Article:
We hypothesized that context incongruities would lead to increased activity within VLPFC and OFC. Ochsner and colleagues (2005; Wager et al., 2008) suggest that VLPFC is central to the cognitive regulation of emotion and the affective appraisal of stimuli. Other studies have identified VLPFC (Haxby et al., 2000; Mobbs et al., 2006; Guyer et al., 2008) and OFC (Haxby et al., 2000) as involved in affective evaluation and influenced by contextual framing effects. Patients display deficits in explicit emotion processing (van’t Wout et al., 2007) and fail to integrate contextual cues when making social judgments (Green et al., 2007, 2008); therefore, we predicted that schizophrenia patients would have reduced activation to incongruence in these regions, relative to controls. This is the first study to examine the effects of context on affective facial appraisal in schizophrenia, where the possible sensory processing antecedents of affective facial recognition are held constant.


This analysis is based on data collected in a previously published study (Gur et al., 2007). Therefore, the characterization of the studied population, image acquisition parameters and image analysis details are briefly summarized here.


The original sample included 16 patients (12 men), who met DSM-IV criteria for schizophrenia or schizoaffective disorder, and 17 healthy controls (12 men). As described in Table 1, the patients were somewhat older on average (t2,31 = 2.73, P = 0.011), and, as expected, had lower education (t2,31 = 3.72, P = 0.0008). However, they had comparable parental education (t2,31 = 1.95, P = 0.061). At the time of imaging, all patients, except one unmedicated patient, were on stable doses of antipsychotics: two received first-generation (CPZequiv = 542 ± 292/day) (Davis, 1976), 11 second-generation (OLZequiv = 18.2 ± 2.8/day) and two both [CPZequiv = 16.7/day, OLZequiv = 11.3/day (Kohler et al., 2003)]. After complete description of the study, written informed consent was obtained. Clinical ratings are detailed in Table 1.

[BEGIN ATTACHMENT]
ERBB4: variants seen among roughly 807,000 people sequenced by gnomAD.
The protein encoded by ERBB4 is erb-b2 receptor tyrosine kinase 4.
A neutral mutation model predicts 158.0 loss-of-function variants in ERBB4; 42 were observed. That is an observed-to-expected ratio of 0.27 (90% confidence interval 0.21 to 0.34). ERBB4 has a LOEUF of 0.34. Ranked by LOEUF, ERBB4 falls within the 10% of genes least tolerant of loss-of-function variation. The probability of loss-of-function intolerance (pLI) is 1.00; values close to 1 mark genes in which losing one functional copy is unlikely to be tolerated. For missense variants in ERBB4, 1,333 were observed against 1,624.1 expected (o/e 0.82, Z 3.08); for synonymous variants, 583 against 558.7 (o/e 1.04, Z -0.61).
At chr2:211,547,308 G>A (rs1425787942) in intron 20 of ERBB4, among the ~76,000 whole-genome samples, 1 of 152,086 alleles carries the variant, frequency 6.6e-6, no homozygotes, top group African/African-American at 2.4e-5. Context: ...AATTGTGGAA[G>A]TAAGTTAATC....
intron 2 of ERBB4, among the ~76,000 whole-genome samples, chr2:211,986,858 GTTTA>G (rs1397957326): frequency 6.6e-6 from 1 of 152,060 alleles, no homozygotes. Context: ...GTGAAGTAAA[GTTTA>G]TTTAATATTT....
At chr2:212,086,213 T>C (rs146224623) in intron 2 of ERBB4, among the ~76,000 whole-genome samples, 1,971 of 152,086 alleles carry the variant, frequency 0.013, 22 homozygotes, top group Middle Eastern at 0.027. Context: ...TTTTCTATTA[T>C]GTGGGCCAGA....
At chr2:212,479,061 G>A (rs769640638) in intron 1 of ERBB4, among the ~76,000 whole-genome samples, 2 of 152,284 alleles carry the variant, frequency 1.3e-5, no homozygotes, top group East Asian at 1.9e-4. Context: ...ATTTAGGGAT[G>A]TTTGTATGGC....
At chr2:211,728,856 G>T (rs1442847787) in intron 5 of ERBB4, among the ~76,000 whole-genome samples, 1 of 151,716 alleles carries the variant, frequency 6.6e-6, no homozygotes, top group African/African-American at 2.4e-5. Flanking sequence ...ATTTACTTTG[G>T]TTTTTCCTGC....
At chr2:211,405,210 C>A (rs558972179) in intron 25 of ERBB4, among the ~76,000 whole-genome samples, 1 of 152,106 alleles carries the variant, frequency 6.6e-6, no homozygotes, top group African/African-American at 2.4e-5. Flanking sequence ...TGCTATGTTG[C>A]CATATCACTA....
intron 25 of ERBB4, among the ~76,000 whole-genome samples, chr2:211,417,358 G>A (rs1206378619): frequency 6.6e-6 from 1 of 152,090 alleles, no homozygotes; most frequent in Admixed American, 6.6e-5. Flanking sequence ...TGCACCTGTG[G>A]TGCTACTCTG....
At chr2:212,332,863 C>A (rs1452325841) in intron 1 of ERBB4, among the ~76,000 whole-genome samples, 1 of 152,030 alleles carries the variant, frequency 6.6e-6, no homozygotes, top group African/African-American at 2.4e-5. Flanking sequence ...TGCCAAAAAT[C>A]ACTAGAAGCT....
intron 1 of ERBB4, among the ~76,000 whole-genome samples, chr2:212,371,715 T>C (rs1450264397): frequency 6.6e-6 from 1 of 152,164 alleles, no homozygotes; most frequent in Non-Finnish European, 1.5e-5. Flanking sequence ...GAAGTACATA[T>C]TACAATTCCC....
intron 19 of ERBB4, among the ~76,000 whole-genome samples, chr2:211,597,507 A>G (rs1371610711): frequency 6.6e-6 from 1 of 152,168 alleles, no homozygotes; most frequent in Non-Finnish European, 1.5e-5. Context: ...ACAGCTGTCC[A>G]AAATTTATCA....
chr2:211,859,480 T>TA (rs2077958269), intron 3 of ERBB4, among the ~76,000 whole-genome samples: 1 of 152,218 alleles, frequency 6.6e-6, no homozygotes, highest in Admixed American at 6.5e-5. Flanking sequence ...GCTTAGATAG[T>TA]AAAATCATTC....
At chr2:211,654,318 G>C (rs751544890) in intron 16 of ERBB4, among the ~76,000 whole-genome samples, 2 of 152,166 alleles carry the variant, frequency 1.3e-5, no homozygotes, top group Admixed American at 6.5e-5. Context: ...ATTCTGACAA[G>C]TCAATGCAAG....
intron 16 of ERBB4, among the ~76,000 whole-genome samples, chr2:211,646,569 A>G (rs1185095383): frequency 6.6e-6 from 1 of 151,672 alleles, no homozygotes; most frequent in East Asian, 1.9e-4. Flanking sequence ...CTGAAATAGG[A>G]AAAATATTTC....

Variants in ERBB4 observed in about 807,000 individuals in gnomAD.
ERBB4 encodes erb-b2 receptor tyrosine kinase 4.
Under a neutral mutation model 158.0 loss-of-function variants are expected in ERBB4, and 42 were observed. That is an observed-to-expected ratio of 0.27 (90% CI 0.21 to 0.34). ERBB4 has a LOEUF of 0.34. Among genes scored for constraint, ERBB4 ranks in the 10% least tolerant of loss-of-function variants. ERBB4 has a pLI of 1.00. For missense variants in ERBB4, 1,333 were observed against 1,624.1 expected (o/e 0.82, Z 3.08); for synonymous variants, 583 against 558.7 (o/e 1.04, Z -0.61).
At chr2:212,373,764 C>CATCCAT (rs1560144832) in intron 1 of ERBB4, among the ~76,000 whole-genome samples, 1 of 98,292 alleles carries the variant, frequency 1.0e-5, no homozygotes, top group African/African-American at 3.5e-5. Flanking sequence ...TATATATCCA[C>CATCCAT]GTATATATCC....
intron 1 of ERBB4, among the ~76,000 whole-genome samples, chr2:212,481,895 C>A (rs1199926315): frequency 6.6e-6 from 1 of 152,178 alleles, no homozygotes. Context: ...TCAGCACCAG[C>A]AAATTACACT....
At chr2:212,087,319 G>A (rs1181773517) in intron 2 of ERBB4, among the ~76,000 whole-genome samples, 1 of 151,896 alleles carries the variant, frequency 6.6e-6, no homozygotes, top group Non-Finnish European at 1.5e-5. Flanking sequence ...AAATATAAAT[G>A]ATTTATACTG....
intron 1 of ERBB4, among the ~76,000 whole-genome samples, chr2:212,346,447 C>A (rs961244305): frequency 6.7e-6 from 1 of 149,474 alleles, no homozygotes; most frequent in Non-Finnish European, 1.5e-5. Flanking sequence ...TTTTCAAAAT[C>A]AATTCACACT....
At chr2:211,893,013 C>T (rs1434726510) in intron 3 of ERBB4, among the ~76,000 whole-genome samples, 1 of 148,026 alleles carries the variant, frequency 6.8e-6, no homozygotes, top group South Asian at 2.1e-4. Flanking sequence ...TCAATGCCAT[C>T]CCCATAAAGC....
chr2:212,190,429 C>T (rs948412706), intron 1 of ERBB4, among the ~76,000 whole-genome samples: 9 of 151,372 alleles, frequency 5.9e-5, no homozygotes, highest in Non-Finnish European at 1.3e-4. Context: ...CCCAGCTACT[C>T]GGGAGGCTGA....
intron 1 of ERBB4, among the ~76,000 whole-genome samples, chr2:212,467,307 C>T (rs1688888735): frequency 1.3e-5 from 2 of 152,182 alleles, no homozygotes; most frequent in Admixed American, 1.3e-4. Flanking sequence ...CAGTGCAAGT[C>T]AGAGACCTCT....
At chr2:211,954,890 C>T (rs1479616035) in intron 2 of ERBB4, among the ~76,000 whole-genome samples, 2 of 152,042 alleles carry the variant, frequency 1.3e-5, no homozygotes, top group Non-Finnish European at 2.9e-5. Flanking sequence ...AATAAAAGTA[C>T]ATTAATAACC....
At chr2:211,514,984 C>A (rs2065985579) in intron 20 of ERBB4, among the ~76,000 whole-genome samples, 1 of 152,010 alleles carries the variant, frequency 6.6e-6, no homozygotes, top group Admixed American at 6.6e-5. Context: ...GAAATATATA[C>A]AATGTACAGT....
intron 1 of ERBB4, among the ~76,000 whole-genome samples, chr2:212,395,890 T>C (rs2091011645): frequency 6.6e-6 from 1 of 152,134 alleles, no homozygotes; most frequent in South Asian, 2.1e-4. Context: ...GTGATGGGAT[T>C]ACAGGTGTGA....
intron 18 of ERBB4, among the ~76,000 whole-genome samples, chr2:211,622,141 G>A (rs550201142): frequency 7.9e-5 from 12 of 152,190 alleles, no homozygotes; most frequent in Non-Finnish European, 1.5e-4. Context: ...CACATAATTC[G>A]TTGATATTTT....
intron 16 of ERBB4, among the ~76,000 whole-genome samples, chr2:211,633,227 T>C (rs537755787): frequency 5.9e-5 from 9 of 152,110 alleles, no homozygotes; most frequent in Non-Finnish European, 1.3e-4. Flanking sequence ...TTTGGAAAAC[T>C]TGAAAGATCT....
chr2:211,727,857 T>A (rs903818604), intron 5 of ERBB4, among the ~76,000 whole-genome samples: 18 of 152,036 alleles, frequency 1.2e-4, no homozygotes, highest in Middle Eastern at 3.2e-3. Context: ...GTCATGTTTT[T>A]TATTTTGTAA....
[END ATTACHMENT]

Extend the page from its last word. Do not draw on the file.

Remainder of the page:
Table 1
Subject demographic and clinical data

Imaging tasks

The face emotion identification task included four conditions, presented in a counterbalanced order, each with a specific target facial expression: happy, sad, anger or fear (Figure 1). Each condition included four 90-s blocks of emotion identification, separated by 24 s of rest during which a scrambled face with a central cross-hair for fixation was displayed. Each 90-s identification block contained 8 target faces (e.g. 8 fear), 12 foil faces (e.g. 4 happy, sad and 4 angry) and 10 neutral faces. Thus, a condition included a total of 120 faces: 32 targets, 48 emotional foils and 40 neutral foils in a pseudorandom sequence. Faces appeared for 3 s and participants endorsed ‘target’ or ‘other’ using the two-button response pad. Abbreviated response instructions remained visible throughout the task. The same faces were cycled through the four conditions serving as targets or foils depending on the condition. Each condition (time series) lasted 8 min with total task duration ~32 min.

Fig. 1
Experimental paradigm. (A) The experimental paradigm. In this figure, fear is the target. (B) Experimental comparisons: foils of each block were classified into two categories: happy and sad face foils comprised the AF category while fear and anger comprised ...

Image acquisition

Detailed image acquisition and processing methods were described previously (Gur et al., 2007). Briefly, data were acquired on a 4T gradient-echo (GE) Signa Scanner (Milwaukee, WI, USA), employing a quadrature transmit and receive head coil. Structural images consisted of a sagittal T1-weighted localizer, followed by a T1-weighted acquisition of the entire brain in the axial plane (24-cm FOV, 256 × 256 matrix, resulting in voxel size of 0.9375 × 0.9375 × 4 mm). This sequence was used for spatial normalization to a standard atlas (Talairach, 1988) and for anatomic overlays of the functional data. Functional imaging was performed in the axial plane using a 16-slice, single-shot GE echo-planar sequence (TR/TE = 1500/21 ms, FOV = 240 mm, matrix = 64 × 40, slice thickness/gap = 5/0 mm). This sequence delivered a nominal voxel resolution of 3.75 × 3.75 × 5 mm. The 5-mm slice thickness was a compromise to permit optimal visualization of the amygdala with minimal sacrifice in brain coverage. Total slices per volume were also limited by a 1.5-s TR that was selected to provide two volume acquisitions per stimulus exposure (3 s per face). The slices were acquired from the superior cerebellum up through the frontal lobe. Inferiorly, this corresponded to a level just below the inferior aspect of the temporal lobes and superiorly to approximately the level of the hand-motor area in the primary motor cortex.